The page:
A patient volunteer has a known health problem and participates in research to better understand, diagnose, treat or cure that disease or condition. Research procedures with a patient volunteer help develop new knowledge. These procedures may or may not benefit the study participants.
Patient volunteers may be involved in studies similar to those in which healthy volunteers participate. These studies involve drugs, devices or interventions designed to prevent, treat or cure disease. Although these studies may provide direct benefit to patient volunteers, the main aim is to prove, by scientific means, the effects and limitations of the experimental treatment. Consequently, some patients serve as controls by not taking the test drug, or by receiving test doses of the drug large enough only to show that it is present, but not at a level that can treat the condition. A study's benefits may be indirect for the volunteers but may help others.
All clinical trials have guidelines about who can participate, called Inclusion/Exclusion Criteria. Factors that allow someone to participate in a clinical trial are "inclusion criteria." Those that exclude or not allow participation are "exclusion criteria." These criteria are based on factors such as age, gender, the type and stage of a disease, previous treatment history, and other medical conditions. Before joining a clinical trial, a participant must qualify for the study. Some research studies seek participants with illnesses or conditions to be studied in the clinical trial, while others need healthy volunteers.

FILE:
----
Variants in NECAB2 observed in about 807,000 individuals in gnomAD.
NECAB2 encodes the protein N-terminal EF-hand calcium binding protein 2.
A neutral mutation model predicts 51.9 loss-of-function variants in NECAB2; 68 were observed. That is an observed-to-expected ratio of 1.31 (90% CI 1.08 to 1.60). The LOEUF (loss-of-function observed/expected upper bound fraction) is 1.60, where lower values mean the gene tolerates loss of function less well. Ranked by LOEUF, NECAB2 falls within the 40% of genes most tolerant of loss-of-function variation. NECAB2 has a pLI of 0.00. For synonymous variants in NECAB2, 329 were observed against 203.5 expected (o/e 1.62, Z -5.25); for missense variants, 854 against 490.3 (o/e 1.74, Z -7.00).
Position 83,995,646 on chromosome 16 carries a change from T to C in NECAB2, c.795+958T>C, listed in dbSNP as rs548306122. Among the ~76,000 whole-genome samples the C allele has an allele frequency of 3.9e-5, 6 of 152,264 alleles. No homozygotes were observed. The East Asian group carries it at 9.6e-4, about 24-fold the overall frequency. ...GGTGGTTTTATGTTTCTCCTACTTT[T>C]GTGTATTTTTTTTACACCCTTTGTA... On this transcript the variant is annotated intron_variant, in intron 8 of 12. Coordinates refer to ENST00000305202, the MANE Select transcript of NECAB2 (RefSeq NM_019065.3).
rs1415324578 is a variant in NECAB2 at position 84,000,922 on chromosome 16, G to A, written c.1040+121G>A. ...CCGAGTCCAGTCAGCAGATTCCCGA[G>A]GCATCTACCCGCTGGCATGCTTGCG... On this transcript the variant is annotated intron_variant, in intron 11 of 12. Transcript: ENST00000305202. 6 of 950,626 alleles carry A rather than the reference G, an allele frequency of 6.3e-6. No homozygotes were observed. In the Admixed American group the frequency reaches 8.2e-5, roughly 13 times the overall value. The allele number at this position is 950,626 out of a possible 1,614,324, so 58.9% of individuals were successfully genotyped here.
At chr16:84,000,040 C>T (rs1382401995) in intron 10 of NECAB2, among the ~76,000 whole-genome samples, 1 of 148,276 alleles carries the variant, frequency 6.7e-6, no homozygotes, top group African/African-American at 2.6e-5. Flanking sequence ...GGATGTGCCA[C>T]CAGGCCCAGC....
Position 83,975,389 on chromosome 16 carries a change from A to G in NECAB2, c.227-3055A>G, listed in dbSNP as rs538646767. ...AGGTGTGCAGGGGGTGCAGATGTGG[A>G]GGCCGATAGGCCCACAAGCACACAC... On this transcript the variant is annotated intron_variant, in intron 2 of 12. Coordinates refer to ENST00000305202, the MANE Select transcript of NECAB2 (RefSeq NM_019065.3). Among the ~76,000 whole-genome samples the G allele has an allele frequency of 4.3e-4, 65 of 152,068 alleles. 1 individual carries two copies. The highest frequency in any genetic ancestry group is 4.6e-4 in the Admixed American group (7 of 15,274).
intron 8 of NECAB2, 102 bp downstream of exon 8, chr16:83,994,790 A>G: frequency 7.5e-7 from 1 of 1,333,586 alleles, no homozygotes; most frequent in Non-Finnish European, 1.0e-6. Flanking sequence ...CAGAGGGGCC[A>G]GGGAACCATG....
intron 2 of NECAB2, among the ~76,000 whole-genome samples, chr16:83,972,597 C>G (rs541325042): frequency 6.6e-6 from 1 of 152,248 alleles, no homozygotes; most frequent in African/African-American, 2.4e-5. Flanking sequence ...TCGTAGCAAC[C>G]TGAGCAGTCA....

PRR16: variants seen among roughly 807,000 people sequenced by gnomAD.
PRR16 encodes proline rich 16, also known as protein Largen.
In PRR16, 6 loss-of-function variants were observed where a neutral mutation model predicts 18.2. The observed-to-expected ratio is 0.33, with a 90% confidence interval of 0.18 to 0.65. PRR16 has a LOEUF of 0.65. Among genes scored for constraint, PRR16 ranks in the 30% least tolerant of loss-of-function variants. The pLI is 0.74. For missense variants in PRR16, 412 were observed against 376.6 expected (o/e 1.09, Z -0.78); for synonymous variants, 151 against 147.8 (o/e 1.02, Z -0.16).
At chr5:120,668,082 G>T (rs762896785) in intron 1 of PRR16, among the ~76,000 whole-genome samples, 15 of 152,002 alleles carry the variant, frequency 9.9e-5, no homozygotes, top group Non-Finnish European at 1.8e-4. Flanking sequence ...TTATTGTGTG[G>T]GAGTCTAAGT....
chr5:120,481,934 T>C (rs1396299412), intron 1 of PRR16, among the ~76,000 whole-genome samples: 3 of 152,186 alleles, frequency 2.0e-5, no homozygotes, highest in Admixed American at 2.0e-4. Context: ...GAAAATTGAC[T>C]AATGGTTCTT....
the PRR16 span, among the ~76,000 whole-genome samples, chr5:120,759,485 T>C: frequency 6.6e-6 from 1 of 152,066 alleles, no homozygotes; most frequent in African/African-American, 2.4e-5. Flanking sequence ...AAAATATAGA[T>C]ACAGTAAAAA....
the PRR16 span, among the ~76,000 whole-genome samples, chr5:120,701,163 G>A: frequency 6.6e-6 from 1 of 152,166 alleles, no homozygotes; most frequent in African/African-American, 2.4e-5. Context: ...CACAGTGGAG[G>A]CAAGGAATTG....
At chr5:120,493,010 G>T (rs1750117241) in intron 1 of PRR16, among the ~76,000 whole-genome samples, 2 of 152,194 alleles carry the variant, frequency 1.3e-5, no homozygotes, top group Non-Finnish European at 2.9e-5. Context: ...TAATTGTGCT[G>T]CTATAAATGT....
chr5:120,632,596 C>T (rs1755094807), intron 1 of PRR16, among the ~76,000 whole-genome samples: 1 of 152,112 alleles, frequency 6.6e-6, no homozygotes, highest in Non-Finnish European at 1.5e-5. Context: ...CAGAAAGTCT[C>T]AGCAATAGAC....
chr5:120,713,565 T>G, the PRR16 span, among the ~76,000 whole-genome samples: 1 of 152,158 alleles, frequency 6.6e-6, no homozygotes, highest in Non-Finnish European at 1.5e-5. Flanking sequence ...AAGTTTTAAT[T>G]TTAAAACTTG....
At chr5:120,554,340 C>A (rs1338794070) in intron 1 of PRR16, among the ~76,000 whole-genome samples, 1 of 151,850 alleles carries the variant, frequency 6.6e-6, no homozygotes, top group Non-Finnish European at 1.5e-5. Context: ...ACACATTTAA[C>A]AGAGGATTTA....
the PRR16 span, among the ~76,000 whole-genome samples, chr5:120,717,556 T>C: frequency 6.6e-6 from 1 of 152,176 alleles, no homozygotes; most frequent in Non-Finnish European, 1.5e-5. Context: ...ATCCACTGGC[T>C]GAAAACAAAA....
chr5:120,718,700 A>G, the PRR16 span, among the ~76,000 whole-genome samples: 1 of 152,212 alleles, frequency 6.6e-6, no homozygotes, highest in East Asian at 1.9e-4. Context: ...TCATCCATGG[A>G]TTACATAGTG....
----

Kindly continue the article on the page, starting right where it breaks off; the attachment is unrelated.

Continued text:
Some studies need both types. Inclusion and exclusion criteria are not used to reject people personally; rather, the criteria are used to identify appropriate participants and keep them safe, and to help ensure that researchers can find new information they need.
Q: What do I need to know if I am thinking about participating?
Risks and Benefits:
Clinical trials involve risks, just as routine medical care and the activities of daily living. When weighing the risks of research, you can consider two important factors:
- The degree of harm that could result from participating in the study
- The chance of any harm occurring
Most clinical studies pose the risk of minor discomfort, which lasts only a short time. However, some study participants experience complications that require medical attention. In rare cases, participants have been seriously injured or have died of complications resulting from their participation in trials of experimental therapies. The specific risks associated with a research protocol are described in detail in the informed consent document, which participants are asked to sign before participating in research. Also, a member of the research team explains the major risks of participating in a study and will answer any questions you have about the study. Before deciding to participate, carefully consider possible risks and benefits.